I am currently developing a web comic, “The Clients of Todd Oddessey” which I hope to launch in late 2014: http://todd-odd.blogspot.com/2012/01/starting-thursday-march-1-2012-new.html .Legalities are such these days that few of the publishers will accept unsolicited submissions – certainly not the Big Two. The road into the big two seems to lead through some smaller publishers first, and the modern way to catch their attention seems to be via a web comic. Like all creators I have a drawer full of my own ideas. Taking a cue from my idol Mike Mignola I tried to figure out what I could do that would allow me to tie as many of my various ideas into a single strip / universe? So I came up with Todd Oddessey, a talent agent specializing is strange and “odd” clients: monsters, aliens, mutants, mythological beings and so forth. Todd is based on the late, legendary Hollywood talent agent, Irving “Swifty” Lazar. This strip will allow me to bring together my concepts: Dino Saurus / Dawna Saurus / Government Issue Grunts and several others. Todd Oddessey was supposed to be out there already, but I had over a year of eye issues – now nearly resolved - that postponed everything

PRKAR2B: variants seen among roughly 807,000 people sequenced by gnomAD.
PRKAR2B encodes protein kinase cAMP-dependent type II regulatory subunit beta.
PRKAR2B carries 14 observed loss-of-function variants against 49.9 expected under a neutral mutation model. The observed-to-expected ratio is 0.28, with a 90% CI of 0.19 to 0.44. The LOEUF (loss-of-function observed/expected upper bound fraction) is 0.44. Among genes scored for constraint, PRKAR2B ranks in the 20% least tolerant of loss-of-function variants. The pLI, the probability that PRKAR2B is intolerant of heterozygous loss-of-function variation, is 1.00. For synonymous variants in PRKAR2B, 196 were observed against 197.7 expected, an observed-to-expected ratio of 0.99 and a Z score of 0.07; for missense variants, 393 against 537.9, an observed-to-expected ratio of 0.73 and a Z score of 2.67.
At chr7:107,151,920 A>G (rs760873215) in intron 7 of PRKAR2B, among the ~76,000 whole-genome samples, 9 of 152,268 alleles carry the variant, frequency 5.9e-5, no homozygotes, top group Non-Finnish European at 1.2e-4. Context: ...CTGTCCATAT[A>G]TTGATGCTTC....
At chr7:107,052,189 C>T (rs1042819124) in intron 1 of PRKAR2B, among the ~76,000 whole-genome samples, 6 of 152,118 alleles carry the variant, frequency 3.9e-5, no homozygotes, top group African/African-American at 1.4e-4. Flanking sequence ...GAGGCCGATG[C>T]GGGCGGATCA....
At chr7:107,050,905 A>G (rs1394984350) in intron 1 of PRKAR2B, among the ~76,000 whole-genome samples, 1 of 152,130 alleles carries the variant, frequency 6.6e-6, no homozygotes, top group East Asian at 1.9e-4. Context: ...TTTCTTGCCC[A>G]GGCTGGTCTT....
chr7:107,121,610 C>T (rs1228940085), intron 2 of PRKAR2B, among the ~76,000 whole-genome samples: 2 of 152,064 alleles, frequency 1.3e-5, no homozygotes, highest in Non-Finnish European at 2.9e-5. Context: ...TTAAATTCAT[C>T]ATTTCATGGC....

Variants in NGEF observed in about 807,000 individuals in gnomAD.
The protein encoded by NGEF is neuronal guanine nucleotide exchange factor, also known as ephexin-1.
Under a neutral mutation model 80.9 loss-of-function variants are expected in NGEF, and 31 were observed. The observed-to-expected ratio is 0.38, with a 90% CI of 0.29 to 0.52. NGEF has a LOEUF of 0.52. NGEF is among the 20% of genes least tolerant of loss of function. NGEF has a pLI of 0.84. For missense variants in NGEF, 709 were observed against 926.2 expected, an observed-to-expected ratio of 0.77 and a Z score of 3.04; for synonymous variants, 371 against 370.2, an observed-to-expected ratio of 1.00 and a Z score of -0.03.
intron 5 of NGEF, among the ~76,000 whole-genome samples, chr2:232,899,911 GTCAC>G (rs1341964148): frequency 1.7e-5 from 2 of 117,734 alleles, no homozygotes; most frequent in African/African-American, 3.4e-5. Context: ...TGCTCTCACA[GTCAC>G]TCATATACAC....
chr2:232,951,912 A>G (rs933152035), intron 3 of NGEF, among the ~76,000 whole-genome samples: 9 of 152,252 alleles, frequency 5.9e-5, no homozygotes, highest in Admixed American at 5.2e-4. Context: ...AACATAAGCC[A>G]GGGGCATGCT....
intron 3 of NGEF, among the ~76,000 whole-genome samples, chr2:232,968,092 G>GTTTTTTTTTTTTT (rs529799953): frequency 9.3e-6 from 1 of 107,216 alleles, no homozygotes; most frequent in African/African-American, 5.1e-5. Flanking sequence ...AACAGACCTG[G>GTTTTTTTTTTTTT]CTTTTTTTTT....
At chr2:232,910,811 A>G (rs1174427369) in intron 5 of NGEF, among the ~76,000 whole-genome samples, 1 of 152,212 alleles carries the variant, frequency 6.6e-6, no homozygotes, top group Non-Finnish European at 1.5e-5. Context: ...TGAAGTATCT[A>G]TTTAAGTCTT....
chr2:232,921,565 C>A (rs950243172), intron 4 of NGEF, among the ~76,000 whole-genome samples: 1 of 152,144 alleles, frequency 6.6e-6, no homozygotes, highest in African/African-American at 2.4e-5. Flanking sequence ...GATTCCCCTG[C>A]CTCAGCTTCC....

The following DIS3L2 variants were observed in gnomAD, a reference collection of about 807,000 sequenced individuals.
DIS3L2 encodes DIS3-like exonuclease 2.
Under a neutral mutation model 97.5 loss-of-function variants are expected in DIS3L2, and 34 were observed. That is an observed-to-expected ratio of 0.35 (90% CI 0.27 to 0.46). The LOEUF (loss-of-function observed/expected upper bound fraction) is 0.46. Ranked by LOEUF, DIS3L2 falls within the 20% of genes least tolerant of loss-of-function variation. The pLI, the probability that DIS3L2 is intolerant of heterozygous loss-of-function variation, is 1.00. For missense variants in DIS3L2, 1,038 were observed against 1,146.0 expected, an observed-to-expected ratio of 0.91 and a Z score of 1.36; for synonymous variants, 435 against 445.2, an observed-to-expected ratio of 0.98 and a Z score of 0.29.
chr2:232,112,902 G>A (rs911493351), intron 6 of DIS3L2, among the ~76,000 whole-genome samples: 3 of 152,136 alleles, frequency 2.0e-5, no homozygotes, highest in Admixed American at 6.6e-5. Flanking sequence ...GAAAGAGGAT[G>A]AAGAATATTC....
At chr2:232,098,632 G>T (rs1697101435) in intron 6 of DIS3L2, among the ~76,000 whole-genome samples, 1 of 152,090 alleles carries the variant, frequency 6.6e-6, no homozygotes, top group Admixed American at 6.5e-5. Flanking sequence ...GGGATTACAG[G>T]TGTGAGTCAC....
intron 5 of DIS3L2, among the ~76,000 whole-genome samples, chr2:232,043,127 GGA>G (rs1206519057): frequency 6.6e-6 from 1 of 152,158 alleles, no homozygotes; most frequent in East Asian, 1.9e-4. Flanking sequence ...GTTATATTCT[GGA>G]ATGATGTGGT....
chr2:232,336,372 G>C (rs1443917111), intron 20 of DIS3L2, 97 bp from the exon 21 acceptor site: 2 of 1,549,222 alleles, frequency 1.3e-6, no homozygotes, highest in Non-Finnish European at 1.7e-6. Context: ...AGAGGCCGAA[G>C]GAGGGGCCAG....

I was just looking up your credits and I saw that you worked on the comic of one of my movie guilty pleasures, Freejack. I'm a huge Stones fan and I actually read the original novel the movie was based on; what was your experiences on that project?
I read “Immortality Incorporated” too – Truthfully the book was a hell of a lot better, and the movie was so far off from the book I have no idea why they even tied to tie them together. That adaptation was an odd thing. I had the first two issues drawn before we saw the movie in its general release. Suddenly we all realized that they had re-cut the movie from what our adaptation was written to and what we had put into two of three issues was not even getting us to the midway point of the movie.
The writer reworked the third issue to add in all of the new second half scenes but what he turned in had increased the page count beyond what the publisher, NOW Comics, could afford. NOW was in financial trouble. We creators had not been paid a dime on the second issue, and the writer refused to do any rewrites and bailed out. I stopped work for a few months waiting for often promised money to show up. I finally opted to retoolthe third book myself, compressing everything into the allotted page count without cutting anything, and then finished drawing the final issue. I took over three years to finally get all my money from NOW and I was pretty lucky at that.
A big thanks to Ernie Stiner for taking time to do this interview!